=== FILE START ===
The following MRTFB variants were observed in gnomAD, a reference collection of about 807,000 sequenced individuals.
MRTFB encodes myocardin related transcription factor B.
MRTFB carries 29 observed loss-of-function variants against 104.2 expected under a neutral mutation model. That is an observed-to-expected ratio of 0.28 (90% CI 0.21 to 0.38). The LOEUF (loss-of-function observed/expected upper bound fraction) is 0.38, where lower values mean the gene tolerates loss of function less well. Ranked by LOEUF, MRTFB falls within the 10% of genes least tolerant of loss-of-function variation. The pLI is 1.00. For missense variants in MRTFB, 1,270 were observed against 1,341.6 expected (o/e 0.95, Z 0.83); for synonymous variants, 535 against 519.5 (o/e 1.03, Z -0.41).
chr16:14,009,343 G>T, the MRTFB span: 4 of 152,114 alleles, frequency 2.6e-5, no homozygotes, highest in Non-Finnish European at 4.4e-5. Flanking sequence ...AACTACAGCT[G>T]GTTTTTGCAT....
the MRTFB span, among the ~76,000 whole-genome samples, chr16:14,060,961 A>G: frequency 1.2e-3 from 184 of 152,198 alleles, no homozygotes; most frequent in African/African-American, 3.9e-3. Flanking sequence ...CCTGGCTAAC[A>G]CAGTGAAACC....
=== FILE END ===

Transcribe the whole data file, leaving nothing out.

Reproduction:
The following MRTFB variants were observed in gnomAD, a reference collection of about 807,000 sequenced individuals.
MRTFB encodes myocardin related transcription factor B.
MRTFB carries 29 observed loss-of-function variants against 104.2 expected under a neutral mutation model. That is an observed-to-expected ratio of 0.28 (90% CI 0.21 to 0.38). The LOEUF (loss-of-function observed/expected upper bound fraction) is 0.38, where lower values mean the gene tolerates loss of function less well. Ranked by LOEUF, MRTFB falls within the 10% of genes least tolerant of loss-of-function variation. The pLI is 1.00. For missense variants in MRTFB, 1,270 were observed against 1,341.6 expected (o/e 0.95, Z 0.83); for synonymous variants, 535 against 519.5 (o/e 1.03, Z -0.41).
chr16:14,009,343 G>T, the MRTFB span: 4 of 152,114 alleles, frequency 2.6e-5, no homozygotes, highest in Non-Finnish European at 4.4e-5. Flanking sequence ...AACTACAGCT[G>T]GTTTTTGCAT....
the MRTFB span, among the ~76,000 whole-genome samples, chr16:14,060,961 A>G: frequency 1.2e-3 from 184 of 152,198 alleles, no homozygotes; most frequent in African/African-American, 3.9e-3. Flanking sequence ...CCTGGCTAAC[A>G]CAGTGAAACC....